Study observes a room-temperature nonlinear Hall effect in elemental bismuth thin films

Credit: Pavlo Makushko, HZDR

After the advent of 5G, engineers have been trying to devise techniques to further enhance wireless communication technology. To increase these systems’ data transmission rate, they will ultimately need to extend their carrier frequency beyond 100 gigahertz, reaching the terahertz range.

Existing devices and technologies, however, have proved to be unable to achieve such high carrier frequencies. One proposed solution to reach this goal entails the use of some quantum materials that exhibit the so-called non-linear Hall effect.

Researchers at Helmholtz-Zentrum Dresden-Rossendorf (HZDR) e.V. and University of Salerno have identified a promising material for the development of next generation wireless communication systems, namely thin film elemental bismuth. Their paper, published in Nature Electronics, shows that this material exhibits a room-temperature nonlinear Hall effect.

“Other teams had already created various materials that exhibit the non-linear Hall effect, but they do not combine all the technologically desirable properties like simple and environmentally friendly chemical composition, room temperature operation and possibility to be prepared on substrates suitable for micro- and flexible electronics,” Denys Makarov and Carmine Ortix, co-authors of the paper, told Tech Xplore.

“Graphene, for example, is environmentally safe and its non-linear Hall effect can be controlled well, but only at temperatures below around -70 degrees Celsius. This means that if the researchers want to use the effect, they have to cool it down with liquid nitrogen.”

Other previously examined compounds, such as transition metal dichalcogenides and some oxides, also exhibited the non-linear Hall effect at low temperatures, often even lower than those necessary to realize this effect in graphene. Makarov, Ortix and their collaborators set out to search for other materials that might be better suited for developing real-world quantum wireless communication technologies.

“We identified elemental material bismuth as a potential candidate for quantum technological applications,” Makarov and Ortix explained.

“In contrast to the classical Hall effect which results from the influence of magnetic fields or magnetism in the material, the surfaces of bismuth thin films enable Hall voltages without any magnetism that are no longer linearly related to the current. This effect is of great interest because it makes new types of components for high-speed electronics possible.”

Study observes a room-temperature nonlinear Hall effect in elemental bismuth thin films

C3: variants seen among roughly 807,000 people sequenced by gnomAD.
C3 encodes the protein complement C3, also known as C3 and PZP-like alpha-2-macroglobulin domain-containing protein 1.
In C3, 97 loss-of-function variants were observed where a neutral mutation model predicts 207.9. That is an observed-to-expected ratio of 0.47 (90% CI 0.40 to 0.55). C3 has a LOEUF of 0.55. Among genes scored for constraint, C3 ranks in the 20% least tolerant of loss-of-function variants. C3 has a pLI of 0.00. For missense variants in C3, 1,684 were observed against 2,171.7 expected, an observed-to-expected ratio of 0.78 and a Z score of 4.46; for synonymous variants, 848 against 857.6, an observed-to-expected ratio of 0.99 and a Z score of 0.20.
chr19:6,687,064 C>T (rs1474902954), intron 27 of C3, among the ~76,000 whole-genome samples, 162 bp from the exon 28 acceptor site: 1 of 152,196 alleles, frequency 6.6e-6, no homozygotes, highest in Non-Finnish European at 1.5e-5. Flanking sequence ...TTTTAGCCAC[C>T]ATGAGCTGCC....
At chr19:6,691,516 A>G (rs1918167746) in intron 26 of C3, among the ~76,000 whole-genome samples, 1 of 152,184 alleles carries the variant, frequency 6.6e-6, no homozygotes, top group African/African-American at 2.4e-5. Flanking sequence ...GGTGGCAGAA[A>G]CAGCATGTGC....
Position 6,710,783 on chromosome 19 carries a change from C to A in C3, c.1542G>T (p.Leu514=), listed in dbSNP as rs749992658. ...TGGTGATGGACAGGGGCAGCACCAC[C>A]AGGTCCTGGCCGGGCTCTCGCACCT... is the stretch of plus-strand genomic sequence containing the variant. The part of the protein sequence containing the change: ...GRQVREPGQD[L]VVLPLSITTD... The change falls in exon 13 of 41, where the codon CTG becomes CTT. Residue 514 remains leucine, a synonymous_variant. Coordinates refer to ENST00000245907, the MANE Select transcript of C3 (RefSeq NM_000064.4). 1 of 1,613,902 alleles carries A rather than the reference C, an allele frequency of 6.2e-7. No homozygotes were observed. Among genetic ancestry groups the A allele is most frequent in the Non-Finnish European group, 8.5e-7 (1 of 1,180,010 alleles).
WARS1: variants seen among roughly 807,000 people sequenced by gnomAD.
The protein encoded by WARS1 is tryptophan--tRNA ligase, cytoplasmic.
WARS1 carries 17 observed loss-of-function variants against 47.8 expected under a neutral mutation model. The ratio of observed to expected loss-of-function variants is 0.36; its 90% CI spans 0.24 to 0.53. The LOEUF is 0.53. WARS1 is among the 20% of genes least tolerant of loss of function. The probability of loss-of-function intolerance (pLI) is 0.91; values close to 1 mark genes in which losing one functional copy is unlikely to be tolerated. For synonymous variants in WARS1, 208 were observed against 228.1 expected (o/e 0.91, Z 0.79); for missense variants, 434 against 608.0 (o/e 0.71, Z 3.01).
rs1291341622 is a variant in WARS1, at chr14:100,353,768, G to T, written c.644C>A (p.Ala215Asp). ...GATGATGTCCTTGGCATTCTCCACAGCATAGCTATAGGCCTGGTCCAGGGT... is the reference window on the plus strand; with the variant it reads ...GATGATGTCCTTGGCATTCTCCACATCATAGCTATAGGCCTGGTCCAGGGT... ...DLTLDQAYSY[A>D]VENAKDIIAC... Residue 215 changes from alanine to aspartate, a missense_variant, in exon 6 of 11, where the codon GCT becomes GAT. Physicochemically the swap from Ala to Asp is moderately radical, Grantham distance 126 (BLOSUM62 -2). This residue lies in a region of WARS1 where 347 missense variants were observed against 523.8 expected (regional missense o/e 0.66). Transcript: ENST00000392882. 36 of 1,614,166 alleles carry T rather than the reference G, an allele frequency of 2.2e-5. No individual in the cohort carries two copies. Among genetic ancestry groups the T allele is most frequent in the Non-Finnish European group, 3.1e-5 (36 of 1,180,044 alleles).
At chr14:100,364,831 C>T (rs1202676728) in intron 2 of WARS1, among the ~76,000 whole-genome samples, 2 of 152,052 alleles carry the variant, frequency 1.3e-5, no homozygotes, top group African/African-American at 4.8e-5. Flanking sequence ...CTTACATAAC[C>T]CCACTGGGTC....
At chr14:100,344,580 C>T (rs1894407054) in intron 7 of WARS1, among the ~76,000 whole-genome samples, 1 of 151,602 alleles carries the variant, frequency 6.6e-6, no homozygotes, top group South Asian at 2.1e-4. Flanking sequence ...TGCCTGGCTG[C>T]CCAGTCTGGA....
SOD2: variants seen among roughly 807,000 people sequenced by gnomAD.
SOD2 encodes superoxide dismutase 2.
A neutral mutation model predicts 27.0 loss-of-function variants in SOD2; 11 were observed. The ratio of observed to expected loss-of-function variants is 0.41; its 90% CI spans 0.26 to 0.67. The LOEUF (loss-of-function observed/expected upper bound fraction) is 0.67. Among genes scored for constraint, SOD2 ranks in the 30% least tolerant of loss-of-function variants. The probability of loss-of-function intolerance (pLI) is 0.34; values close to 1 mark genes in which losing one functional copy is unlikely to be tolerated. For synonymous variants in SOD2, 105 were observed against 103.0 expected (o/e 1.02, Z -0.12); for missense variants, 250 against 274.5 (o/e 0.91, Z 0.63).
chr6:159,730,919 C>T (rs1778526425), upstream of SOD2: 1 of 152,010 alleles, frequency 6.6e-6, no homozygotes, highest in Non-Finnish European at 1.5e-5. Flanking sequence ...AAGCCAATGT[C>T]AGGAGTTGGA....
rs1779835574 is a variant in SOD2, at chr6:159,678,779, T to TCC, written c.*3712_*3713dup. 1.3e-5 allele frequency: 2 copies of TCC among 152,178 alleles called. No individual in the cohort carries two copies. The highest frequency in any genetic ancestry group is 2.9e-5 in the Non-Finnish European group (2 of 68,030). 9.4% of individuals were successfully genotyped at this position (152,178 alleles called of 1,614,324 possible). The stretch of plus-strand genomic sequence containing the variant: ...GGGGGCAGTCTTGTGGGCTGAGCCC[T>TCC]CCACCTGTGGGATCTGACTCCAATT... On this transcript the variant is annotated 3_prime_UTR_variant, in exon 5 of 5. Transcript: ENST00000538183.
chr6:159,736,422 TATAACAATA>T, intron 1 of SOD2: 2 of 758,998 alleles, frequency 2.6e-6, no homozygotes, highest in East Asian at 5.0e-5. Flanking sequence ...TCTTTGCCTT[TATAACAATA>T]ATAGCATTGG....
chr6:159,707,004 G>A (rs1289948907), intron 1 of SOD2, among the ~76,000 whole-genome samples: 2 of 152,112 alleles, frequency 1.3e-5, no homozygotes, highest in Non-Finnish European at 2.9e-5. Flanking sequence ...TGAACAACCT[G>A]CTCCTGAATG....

Credit: Pavlo Makushko, HZDR

To broaden their search for promising quantum materials for wireless communication applications, Makarov and Ortix started collaborating with other researchers at the ELBE Center for High Power Radiation Sources, the High Magnetic Field Laboratory and the Institute for Resource Ecology at the Helmholtz-Zentrum Dresden-Rossendorf. The primary objective of this collaboration was to identify a material in which the nonlinear Hall effect occurs in a controlled fashion and at room temperature.

Notably, such a room temperature nonlinear Hall effect would be easier to tune in real-world applications and would also be more environmentally friendly. Ultimately, the team’s collaborative research effort led to the identification of thin film elemental material bismuth, which was found to have these highly advantageous properties.

“Bismuth is known for its strong classical Hall effect which is present in the bulk of the material,” Makarov and Ortix said.

“We discovered that on surfaces instead, quantum effects dominate and govern the current flow even at room temperature. A major advantage of the approach is that the researchers can apply their thin films with quantum properties to a variety of substrates for electronics like silicon wafers and even plastic.”

In their paper, Makarov, Ortix and their collaborators outline a strategy to control the nonlinear Hall effect in elemental material bismuth at room temperature using sophisticated micro-fabrication techniques. This strategy allowed them to directly influence the currents in their system by changing the geometry of channels on the chip.

“To show the potential of polycrystalline bismuth thin films for optoelectronic applications in the terahertz (THz) spectral domain, we have performed high harmonic generation experiments,” Makarov and Ortix said.

“Polycrystalline Bi thin films reveal a high efficiency of THz third-harmonic generation (THG) that reaches levels >1% at room temperature and surpasses Bi2Se3—the benchmark material for such functionality.”

The findings gathered by Makarov, Ortix and their colleagues highlight the promise of thin film elemental material bismuth for developing quantum-enhanced wireless communication technology. In the future, their paper could inspire other research groups to experiment with this material, potentially contributing to the introduction of next generation communication standards.

“We see technological potential above all in the conversion of terahertz electromagnetic waves into direct current using our thin film materials,” Makarov and Ortix added. “This will make new components for high- frequency communication possible.”

More information:
Pavlo Makushko et al, A tunable room-temperature nonlinear Hall effect in elemental bismuth thin films, Nature Electronics (2024). DOI: 10.1038/s41928-024-01118-y

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Study observes a room-temperature nonlinear Hall effect in elemental bismuth thin films (2024, March 1)
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